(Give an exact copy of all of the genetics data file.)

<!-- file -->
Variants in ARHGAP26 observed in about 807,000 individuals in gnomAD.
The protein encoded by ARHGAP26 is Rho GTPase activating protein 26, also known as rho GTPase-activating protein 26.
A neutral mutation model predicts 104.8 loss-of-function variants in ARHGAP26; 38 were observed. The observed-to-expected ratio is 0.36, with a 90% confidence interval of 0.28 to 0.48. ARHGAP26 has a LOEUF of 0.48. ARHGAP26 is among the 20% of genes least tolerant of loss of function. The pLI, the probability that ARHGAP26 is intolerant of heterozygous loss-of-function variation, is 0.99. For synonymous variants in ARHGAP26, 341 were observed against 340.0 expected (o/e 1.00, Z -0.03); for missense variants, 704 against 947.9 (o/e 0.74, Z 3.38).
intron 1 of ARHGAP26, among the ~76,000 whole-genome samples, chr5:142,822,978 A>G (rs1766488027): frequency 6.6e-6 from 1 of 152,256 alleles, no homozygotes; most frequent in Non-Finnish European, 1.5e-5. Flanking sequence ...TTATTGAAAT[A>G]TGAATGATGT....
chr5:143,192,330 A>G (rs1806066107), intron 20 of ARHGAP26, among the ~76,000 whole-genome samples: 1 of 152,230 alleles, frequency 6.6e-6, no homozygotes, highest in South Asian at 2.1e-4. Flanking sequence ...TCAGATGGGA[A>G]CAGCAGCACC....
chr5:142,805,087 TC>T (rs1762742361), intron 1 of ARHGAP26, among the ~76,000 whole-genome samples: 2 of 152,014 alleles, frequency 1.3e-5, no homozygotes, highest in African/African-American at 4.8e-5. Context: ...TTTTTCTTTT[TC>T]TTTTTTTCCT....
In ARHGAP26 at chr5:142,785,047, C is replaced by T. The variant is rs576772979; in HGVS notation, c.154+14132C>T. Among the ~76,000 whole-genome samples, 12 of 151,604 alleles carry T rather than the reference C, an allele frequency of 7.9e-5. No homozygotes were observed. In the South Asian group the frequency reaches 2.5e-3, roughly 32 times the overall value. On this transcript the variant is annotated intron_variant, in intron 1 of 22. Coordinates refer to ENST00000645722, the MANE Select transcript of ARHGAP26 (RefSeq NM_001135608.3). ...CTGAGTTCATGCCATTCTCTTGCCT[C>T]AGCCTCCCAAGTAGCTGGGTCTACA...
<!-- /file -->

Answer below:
Variants in ARHGAP26 observed in about 807,000 individuals in gnomAD.
The protein encoded by ARHGAP26 is Rho GTPase activating protein 26, also known as rho GTPase-activating protein 26.
A neutral mutation model predicts 104.8 loss-of-function variants in ARHGAP26; 38 were observed. The observed-to-expected ratio is 0.36, with a 90% confidence interval of 0.28 to 0.48. ARHGAP26 has a LOEUF of 0.48. ARHGAP26 is among the 20% of genes least tolerant of loss of function. The pLI, the probability that ARHGAP26 is intolerant of heterozygous loss-of-function variation, is 0.99. For synonymous variants in ARHGAP26, 341 were observed against 340.0 expected (o/e 1.00, Z -0.03); for missense variants, 704 against 947.9 (o/e 0.74, Z 3.38).
intron 1 of ARHGAP26, among the ~76,000 whole-genome samples, chr5:142,822,978 A>G (rs1766488027): frequency 6.6e-6 from 1 of 152,256 alleles, no homozygotes; most frequent in Non-Finnish European, 1.5e-5. Flanking sequence ...TTATTGAAAT[A>G]TGAATGATGT....
chr5:143,192,330 A>G (rs1806066107), intron 20 of ARHGAP26, among the ~76,000 whole-genome samples: 1 of 152,230 alleles, frequency 6.6e-6, no homozygotes, highest in South Asian at 2.1e-4. Flanking sequence ...TCAGATGGGA[A>G]CAGCAGCACC....
chr5:142,805,087 TC>T (rs1762742361), intron 1 of ARHGAP26, among the ~76,000 whole-genome samples: 2 of 152,014 alleles, frequency 1.3e-5, no homozygotes, highest in African/African-American at 4.8e-5. Context: ...TTTTTCTTTT[TC>T]TTTTTTTCCT....
In ARHGAP26 at chr5:142,785,047, C is replaced by T. The variant is rs576772979; in HGVS notation, c.154+14132C>T. Among the ~76,000 whole-genome samples, 12 of 151,604 alleles carry T rather than the reference C, an allele frequency of 7.9e-5. No homozygotes were observed. In the South Asian group the frequency reaches 2.5e-3, roughly 32 times the overall value. On this transcript the variant is annotated intron_variant, in intron 1 of 22. Coordinates refer to ENST00000645722, the MANE Select transcript of ARHGAP26 (RefSeq NM_001135608.3). ...CTGAGTTCATGCCATTCTCTTGCCT[C>T]AGCCTCCCAAGTAGCTGGGTCTACA...